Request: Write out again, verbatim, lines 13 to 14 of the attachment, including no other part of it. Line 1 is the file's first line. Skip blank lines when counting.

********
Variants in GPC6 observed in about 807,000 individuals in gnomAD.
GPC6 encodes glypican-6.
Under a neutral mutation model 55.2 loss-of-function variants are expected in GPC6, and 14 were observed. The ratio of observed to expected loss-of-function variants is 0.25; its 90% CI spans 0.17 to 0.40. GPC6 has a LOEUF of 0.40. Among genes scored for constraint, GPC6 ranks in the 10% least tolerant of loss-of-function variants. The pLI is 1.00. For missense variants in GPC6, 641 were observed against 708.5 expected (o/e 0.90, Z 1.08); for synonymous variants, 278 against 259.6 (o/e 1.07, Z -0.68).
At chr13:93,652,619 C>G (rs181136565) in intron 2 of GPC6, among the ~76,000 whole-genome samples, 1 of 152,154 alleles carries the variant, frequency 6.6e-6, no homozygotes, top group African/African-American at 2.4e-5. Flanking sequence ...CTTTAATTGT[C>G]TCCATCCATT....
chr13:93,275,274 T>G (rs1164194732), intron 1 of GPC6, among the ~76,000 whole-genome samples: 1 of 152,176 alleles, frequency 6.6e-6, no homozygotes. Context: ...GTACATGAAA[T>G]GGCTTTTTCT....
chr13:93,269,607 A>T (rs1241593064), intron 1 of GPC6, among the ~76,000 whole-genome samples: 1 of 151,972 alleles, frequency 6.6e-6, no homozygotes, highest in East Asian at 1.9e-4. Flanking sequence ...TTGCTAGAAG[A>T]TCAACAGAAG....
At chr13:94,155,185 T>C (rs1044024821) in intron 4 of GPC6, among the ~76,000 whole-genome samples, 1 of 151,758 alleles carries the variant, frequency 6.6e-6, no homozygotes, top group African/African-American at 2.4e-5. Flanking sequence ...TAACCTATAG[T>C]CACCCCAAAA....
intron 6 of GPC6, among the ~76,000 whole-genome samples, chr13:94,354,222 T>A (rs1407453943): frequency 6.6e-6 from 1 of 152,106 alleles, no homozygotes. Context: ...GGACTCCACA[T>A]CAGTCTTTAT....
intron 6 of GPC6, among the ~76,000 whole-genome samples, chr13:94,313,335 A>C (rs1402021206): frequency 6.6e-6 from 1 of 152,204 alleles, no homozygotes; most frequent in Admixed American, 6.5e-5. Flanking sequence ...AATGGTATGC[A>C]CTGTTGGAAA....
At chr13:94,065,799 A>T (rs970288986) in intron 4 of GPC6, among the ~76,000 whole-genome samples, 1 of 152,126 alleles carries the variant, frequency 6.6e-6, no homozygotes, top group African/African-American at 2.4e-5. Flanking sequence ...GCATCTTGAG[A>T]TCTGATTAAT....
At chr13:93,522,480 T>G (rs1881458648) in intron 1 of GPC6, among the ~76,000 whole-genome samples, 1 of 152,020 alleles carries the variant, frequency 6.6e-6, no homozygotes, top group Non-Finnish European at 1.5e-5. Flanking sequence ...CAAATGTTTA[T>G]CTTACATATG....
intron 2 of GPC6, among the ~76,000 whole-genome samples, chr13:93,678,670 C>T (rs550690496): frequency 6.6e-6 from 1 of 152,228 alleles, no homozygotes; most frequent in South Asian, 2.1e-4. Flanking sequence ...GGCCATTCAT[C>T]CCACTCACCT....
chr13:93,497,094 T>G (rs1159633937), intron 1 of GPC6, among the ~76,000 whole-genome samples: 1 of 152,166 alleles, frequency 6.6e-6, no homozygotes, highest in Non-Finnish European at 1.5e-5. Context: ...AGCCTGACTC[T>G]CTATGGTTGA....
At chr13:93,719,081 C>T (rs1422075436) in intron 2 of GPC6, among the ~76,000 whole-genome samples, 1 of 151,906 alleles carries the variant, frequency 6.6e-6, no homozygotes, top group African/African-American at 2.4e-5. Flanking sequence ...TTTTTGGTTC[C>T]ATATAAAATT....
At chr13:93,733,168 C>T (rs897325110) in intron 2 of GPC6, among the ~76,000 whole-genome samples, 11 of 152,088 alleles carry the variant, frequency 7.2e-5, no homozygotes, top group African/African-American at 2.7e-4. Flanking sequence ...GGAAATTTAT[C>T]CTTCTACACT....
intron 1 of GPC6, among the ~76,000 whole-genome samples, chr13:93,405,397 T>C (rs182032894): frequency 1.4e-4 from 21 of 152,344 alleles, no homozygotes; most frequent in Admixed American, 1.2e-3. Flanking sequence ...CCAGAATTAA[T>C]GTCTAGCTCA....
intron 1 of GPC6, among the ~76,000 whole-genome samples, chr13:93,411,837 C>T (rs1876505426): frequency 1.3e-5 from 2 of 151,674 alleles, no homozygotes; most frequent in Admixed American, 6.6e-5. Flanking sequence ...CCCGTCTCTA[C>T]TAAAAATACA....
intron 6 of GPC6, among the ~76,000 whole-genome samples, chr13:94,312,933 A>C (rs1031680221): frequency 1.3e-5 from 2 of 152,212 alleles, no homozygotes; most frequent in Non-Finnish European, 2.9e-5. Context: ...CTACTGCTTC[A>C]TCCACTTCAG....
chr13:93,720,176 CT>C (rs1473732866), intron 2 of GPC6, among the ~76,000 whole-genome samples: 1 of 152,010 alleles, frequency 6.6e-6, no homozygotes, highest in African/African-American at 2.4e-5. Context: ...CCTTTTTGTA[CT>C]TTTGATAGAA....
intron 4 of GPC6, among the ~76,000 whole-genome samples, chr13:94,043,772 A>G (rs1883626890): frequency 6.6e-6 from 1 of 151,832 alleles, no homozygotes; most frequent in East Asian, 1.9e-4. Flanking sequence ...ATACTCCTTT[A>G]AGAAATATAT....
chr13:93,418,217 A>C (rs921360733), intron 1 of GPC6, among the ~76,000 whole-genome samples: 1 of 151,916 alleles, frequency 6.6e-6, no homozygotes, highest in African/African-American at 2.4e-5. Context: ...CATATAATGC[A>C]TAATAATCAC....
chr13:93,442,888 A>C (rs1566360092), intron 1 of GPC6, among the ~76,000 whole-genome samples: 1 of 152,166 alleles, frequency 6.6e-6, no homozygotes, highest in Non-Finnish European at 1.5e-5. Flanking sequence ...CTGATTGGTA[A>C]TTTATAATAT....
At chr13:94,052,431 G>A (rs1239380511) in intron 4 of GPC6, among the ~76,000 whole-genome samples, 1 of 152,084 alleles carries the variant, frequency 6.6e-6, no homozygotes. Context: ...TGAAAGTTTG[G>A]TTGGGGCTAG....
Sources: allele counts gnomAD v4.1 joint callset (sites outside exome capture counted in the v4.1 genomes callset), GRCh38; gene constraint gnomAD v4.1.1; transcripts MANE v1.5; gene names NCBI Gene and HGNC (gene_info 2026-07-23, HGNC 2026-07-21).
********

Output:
chr13:93,497,094 T>G (rs1159633937), intron 1 of GPC6, among the ~76,000 whole-genome samples: 1 of 152,166 alleles, frequency 6.6e-6, no homozygotes, highest in Non-Finnish European at 1.5e-5. Context: ...AGCCTGACTC[T>G]CTATGGTTGA....
At chr13:93,719,081 C>T (rs1422075436) in intron 2 of GPC6, among the ~76,000 whole-genome samples, 1 of 151,906 alleles carries the variant, frequency 6.6e-6, no homozygotes, top group African/African-American at 2.4e-5. Flanking sequence ...TTTTTGGTTC[C>T]ATATAAAATT....